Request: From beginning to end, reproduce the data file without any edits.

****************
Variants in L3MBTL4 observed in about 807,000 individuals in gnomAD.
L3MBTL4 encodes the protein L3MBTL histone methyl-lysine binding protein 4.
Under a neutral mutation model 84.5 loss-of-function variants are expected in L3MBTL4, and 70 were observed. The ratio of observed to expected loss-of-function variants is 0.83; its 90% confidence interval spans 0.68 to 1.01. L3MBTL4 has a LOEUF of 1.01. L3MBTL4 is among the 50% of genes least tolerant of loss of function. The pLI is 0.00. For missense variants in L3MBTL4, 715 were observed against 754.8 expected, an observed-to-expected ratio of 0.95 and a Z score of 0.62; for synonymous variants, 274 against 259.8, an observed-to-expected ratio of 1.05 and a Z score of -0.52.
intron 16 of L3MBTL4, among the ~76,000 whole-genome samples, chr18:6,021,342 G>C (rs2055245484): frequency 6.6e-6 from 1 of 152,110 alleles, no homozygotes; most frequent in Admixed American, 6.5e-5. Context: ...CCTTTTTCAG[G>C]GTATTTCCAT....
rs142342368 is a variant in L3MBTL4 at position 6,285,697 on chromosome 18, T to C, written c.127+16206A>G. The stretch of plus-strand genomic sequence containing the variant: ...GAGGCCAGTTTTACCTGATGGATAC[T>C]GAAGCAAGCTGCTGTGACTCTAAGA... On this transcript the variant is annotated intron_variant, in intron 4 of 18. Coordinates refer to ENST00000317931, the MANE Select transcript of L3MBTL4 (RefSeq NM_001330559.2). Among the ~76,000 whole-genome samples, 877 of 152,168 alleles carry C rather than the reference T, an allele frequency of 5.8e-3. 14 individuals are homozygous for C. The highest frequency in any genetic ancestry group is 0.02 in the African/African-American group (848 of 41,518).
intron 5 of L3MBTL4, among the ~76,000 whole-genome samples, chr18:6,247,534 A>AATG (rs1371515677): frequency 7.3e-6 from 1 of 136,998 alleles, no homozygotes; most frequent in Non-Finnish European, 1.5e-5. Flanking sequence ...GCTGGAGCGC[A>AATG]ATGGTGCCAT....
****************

Variants in L3MBTL4 observed in about 807,000 individuals in gnomAD.
L3MBTL4 encodes the protein L3MBTL histone methyl-lysine binding protein 4.
Under a neutral mutation model 84.5 loss-of-function variants are expected in L3MBTL4, and 70 were observed. The ratio of observed to expected loss-of-function variants is 0.83; its 90% confidence interval spans 0.68 to 1.01. L3MBTL4 has a LOEUF of 1.01. L3MBTL4 is among the 50% of genes least tolerant of loss of function. The pLI is 0.00. For missense variants in L3MBTL4, 715 were observed against 754.8 expected, an observed-to-expected ratio of 0.95 and a Z score of 0.62; for synonymous variants, 274 against 259.8, an observed-to-expected ratio of 1.05 and a Z score of -0.52.
intron 16 of L3MBTL4, among the ~76,000 whole-genome samples, chr18:6,021,342 G>C (rs2055245484): frequency 6.6e-6 from 1 of 152,110 alleles, no homozygotes; most frequent in Admixed American, 6.5e-5. Context: ...CCTTTTTCAG[G>C]GTATTTCCAT....
rs142342368 is a variant in L3MBTL4 at position 6,285,697 on chromosome 18, T to C, written c.127+16206A>G. The stretch of plus-strand genomic sequence containing the variant: ...GAGGCCAGTTTTACCTGATGGATAC[T>C]GAAGCAAGCTGCTGTGACTCTAAGA... On this transcript the variant is annotated intron_variant, in intron 4 of 18. Coordinates refer to ENST00000317931, the MANE Select transcript of L3MBTL4 (RefSeq NM_001330559.2). Among the ~76,000 whole-genome samples, 877 of 152,168 alleles carry C rather than the reference T, an allele frequency of 5.8e-3. 14 individuals are homozygous for C. The highest frequency in any genetic ancestry group is 0.02 in the African/African-American group (848 of 41,518).
intron 5 of L3MBTL4, among the ~76,000 whole-genome samples, chr18:6,247,534 A>AATG (rs1371515677): frequency 7.3e-6 from 1 of 136,998 alleles, no homozygotes; most frequent in Non-Finnish European, 1.5e-5. Flanking sequence ...GCTGGAGCGC[A>AATG]ATGGTGCCAT....